Object-Oriented Programming Simplifies Digital Twins

09.20.18

Topics : Architecture, Featured, Performance, Products, Programming Techniques, Technology

These are exciting times in the evolution of stream-processing. As we have seen in previous blogs, the digital twin model offers a breakthrough approach to structuring stateful stream-processing applications. This model organizes key information about each data source (for example, an IoT device, e-commerce shopper, or medical patient) in a software component that tracks the data source’s evolving state and encapsulates algorithms, such as predictive analytics, for interpreting that state and generating real-time feedback. Using digital twins offers three key benefits over more traditional, pipelined stream-processing techniques (such as Apache Storm and Apache Flink): automatic event correlation by data source, deeper introspection with enhanced state information, and data-parallel analytics to discover aggregate trends for all data sources in real time. It represents a big step forward for building stream-processing applications.

When using the digital twin model, each data source in a physical system has a corresponding software object in the stream-processing platform as depicted here:

This object encapsulates both state information and code. State information includes a time-ordered list of the device’s incoming event messages along with key state information about the dynamic state of the data source. This information could include parameters, service history, known issues, and much more. Application code handles the management of the event list and the real-time analysis of incoming events, along with APIs for performing device commands. This code benefits from the rich context provided by dynamic state information, enabling deeper introspection than analyzing the event stream alone.

The secret to keeping event analysis times low when handling events from thousands of data sources is to host these digital twin objects in an in-memory data grid (IMDG) with an integrated compute engine, such as ScaleOut StreamServer. IMDGs harness the memory and computing power of multiple commodity (or cloud-based) servers to scale computing resources, and they minimize network bottlenecks by analyzing events within the grid. Their NoSQL, object-oriented storage precisely fits the requirements for digital twin objects, making it straightforward to deploy and host these objects with both scalable performance and high availability.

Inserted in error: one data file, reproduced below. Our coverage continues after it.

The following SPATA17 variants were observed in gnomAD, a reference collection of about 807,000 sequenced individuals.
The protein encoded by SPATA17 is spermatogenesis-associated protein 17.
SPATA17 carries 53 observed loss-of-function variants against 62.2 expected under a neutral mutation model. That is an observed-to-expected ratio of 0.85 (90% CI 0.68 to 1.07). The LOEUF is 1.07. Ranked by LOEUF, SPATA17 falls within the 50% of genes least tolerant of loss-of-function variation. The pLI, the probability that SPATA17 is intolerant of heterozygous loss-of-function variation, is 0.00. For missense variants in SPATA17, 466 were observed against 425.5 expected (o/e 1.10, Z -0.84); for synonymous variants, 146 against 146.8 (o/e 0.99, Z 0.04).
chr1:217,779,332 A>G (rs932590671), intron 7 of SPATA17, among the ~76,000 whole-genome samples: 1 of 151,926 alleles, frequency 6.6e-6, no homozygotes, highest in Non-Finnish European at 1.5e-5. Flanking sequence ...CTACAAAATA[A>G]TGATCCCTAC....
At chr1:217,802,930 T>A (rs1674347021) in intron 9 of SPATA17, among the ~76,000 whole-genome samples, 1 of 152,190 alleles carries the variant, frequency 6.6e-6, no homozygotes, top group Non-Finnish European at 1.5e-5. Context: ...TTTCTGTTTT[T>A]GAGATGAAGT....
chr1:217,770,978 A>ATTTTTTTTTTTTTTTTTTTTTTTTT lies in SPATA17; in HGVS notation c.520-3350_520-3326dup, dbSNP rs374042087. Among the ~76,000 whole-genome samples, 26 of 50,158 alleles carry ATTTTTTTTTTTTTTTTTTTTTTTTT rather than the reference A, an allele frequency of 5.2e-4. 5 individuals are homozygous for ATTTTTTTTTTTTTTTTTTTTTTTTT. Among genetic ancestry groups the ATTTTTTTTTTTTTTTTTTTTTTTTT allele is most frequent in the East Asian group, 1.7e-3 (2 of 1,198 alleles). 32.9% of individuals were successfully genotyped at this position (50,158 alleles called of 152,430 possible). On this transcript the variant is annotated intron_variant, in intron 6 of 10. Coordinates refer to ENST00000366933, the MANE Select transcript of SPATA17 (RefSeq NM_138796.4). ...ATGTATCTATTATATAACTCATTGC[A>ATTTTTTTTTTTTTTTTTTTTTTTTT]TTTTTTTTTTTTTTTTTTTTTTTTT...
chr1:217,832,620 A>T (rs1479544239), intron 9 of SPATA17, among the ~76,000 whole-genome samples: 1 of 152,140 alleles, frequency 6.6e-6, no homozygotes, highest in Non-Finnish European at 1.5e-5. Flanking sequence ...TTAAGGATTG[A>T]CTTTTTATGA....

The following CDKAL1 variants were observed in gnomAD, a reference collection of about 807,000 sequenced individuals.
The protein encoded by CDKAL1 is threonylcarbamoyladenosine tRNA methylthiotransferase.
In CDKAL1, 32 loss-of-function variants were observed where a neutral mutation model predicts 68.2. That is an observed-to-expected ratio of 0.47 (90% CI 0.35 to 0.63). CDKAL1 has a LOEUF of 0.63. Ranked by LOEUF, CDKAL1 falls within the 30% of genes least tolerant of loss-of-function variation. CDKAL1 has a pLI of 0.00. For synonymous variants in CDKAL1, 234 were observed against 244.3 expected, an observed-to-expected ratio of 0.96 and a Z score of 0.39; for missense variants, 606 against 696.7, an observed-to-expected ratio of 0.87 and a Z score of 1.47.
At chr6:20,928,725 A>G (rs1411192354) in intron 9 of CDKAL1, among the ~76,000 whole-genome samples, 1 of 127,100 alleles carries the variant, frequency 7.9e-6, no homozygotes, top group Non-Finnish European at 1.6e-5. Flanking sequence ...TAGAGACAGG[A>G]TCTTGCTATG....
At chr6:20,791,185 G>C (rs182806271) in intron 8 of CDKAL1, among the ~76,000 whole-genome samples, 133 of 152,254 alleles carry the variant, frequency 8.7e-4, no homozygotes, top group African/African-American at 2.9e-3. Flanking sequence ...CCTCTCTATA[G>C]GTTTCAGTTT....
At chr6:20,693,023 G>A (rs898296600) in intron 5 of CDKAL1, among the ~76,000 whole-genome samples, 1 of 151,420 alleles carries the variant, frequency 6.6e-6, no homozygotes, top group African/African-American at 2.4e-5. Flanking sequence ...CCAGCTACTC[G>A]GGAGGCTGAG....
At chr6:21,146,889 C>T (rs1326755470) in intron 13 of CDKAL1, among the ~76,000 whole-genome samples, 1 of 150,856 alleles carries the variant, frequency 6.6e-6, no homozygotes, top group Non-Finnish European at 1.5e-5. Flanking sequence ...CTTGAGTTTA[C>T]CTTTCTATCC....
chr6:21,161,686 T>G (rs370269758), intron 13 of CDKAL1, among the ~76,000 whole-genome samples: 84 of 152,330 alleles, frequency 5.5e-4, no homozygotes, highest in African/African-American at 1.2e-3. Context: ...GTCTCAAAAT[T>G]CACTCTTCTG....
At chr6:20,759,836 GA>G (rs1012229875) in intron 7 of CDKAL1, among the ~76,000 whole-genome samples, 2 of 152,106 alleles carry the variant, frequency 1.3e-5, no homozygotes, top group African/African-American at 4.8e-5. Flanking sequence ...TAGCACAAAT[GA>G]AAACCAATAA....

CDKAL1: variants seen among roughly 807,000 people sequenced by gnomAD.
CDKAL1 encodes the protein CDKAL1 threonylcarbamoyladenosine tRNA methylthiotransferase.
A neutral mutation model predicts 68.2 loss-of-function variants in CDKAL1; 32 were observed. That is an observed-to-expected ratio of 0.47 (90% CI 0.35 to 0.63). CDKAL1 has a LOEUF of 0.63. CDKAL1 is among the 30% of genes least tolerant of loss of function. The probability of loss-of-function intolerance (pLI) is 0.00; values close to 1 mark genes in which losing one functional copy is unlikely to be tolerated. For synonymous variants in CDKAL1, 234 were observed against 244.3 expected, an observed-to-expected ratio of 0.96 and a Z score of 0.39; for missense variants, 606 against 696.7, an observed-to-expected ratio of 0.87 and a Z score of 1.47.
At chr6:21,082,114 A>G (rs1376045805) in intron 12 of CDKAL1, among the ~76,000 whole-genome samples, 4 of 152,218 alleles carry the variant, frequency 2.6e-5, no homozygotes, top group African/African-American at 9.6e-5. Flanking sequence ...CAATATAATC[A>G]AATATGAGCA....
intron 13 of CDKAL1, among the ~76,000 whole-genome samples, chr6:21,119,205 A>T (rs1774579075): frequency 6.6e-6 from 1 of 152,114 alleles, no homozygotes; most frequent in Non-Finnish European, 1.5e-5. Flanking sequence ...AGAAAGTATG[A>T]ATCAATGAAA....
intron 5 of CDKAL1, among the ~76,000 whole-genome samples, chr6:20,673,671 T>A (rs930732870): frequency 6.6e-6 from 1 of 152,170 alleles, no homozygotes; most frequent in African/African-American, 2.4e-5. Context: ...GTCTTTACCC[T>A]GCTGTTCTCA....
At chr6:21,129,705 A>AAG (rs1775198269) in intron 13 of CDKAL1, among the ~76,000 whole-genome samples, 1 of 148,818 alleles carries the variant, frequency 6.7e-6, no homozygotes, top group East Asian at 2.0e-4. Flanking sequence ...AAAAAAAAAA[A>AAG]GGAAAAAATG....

The following diagram depicts an IMDG hosting a large set of digital twin objects in an IoT application. The IMDG transparently distributes the digital twin objects across a cluster of commodity servers for scalable processing. These objects receive telemetry from various devices and perform real-time analysis:

Let’s take a look at how object-oriented techniques can simplify the design of digital twins. Because a digital twin encapsulates state information and associated analysis code, it naturally can be represented as a user-defined data type (often called a class) within an object-oriented language, such as Java or C#. The use of an object class to represent the controller conveniently encapsulates the data and code as a single unit and allows us to create many instances of this type to manage different devices. For example, consider the digital twin for a basic controller with class properties (status and event collection) describing the controller’s status and class methods for analyzing events and performing device commands. This class can be depicted graphically as follows: